They have also used NH3 as nitrogen source and found out that no nanowire growth occurred, but good high hexagonal pit density was observed. For vertical growth of nanowires in hexagonal pits they have accounted higher sticking coefficient of c-plane as compared to sidewalls. The role of atomic N has been described as a stabilizer for the formation of c-plane on AlN surface. More control of MBE growth parameters can give better nanowire growth.
Goodman et al. reported growth of InGaN nanowires by Plasma assisted MBE. Using technique reported by Kikuchi et al., first GaN nanowires were grown for short period of time and then over these InGaN nanowires were grown by altering the growth conditions such as lower substrate temperature and lower Ga flux to incorporate In in the crystal. The growth conditions such as low III/V ratio etc. were maintained as in case of GaN nanowires. The condition that needs to be changed is substrate temperature. Indium has low vaporization temperature so at high growth temperatures it cannot be incorporated into the nanowires. Since, temperature plays an important role in InGaN growth, temperature variation effects have been studied by Goodman et al. At lower growth temperatures no nanowire growth was observed. So, the temperature was increased but kept below the temperature required for GaN nanowire growth. This increase resulted in incorporation of In into crystal as well as nanowire formation.
They have also grown InGaN nanowires without using GaN nanowire nucleation layer and found that they were same as obtained when nucleation layer was used however the densities were different in the two cases. Higher densities were obtained in case of nucleation layer which was grown on a Ga droplet patterned substrate (Ga droplet patterning gives higher densities of GaN nanowires). They have observed nanowires of different diameter and height. The nanowires which have larger height were thinner and the ones that have smaller height were thicker. The possible cause of this phenomenon could be that at lower growth temperatures the metal atoms do not get sufficient energy to distribute among the wires. But after studying GaN diameter variation they concluded that the variations in case of InGaN are due to incorporated In content. The main aim of the study by Goodman et al. was to grow InGaN nanowires with constant In content throughout the wire length. But they observed that the content varies from 0-35% along nanowire length. Also variation of In content was observed from wire to wire in same growth sample.
Kong et al. have studied the above mentioned issue i.e. In concentration variation through the length of the wire. They found out that as InGaN epil-ayer grows over GaN nanowires the strain increases due to the large lattice mismatch between InN and GaN (~11%). This elastic strain can result in variation in content of In in nanowires. It is also called as compositional pulling or crystal pulling effect in InGaN/GaN nanowires. In this effect, the In incorporation into nanowires is hindered by the lattice mismatch, hence it pulls the composition of growing InGaN nanowires towards that of substrate GaN i.e. In concentration increases with increasing height and is minimum at the GaN/InGaN interface in order to match the lattice. Pereira et al. has also reported this effect. They have studied this effect by Depth-resolved cathodoluminescence (CL) and Rutherford backscattering spectrometry (RBS) and reported that In mole fraction increases for thicker InGaN samples (more relaxed). To reduce the compositional pulling effect, the lattice relaxes elastically by increasing Nanowire diameter as well as plastically by introducing misfit dislocations at the interface. When the lattice is relaxed In content in InGaN increases reducing the compositional pulling effect and lattice mismatch. Indium incorporation alters the bandgap and hence the emission wavelength.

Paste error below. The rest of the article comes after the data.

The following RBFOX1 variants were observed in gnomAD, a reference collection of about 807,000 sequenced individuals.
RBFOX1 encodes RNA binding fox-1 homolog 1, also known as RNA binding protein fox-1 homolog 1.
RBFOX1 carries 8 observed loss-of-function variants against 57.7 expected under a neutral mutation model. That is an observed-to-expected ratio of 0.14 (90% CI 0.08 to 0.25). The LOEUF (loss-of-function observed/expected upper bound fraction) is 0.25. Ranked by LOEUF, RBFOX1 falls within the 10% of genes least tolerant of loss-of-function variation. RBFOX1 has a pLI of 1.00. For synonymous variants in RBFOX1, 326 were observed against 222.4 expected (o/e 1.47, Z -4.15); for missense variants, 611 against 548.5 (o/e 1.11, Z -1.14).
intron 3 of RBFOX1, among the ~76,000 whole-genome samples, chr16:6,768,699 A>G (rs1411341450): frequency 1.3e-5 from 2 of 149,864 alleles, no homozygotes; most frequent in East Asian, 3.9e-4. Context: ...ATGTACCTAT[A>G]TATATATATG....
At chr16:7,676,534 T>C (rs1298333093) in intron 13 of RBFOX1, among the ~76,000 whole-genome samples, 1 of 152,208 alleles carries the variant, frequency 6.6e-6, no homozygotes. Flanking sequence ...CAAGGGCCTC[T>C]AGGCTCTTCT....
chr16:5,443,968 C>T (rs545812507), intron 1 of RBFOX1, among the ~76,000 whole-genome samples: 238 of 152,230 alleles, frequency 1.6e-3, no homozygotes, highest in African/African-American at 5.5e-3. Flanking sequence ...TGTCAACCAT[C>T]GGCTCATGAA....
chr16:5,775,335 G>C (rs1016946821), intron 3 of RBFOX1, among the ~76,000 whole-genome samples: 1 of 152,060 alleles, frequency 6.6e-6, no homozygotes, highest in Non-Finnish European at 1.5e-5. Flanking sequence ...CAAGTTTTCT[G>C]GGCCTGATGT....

The aim of this study is to find an efficient growth method for InGaN nanowire. From the above studied growth methods it can be concluded that MBE is a technique that can give spontaneously grown nanowires free from impurities (incorporated from catalyst). The conditions for spontaneous growth are low III/V flux ratio, optimum substrate temperature (a range decided by factors such as In desorption and quality of crystal) and growth rate, GaN nanowire buffer layer to get higher density of InGaN nanowires, etc. Also high In and Ga flux rates can improve growth rate but III/V ratio must be maintained. Nanowires offer better structural and optical properties such as less or no defects and impurities (can be grown without catalyst). Absence of compositional pulling allows good amount of In incorporation permitting desired tuning of bandgap. Hence InGaN nanowires can be used as active layer in LEDs. Nanowires restrict carrier movement in one direction improving directionality and hence external quantum efficiency of LED. Localisation of carriers using quantum well can also help in improving radiative emission by reducing non- radiative recombination. So, a quantum well based LED structure can be fabricated by sandwiching InGaN nanowires in between p-GaN and n-GaN.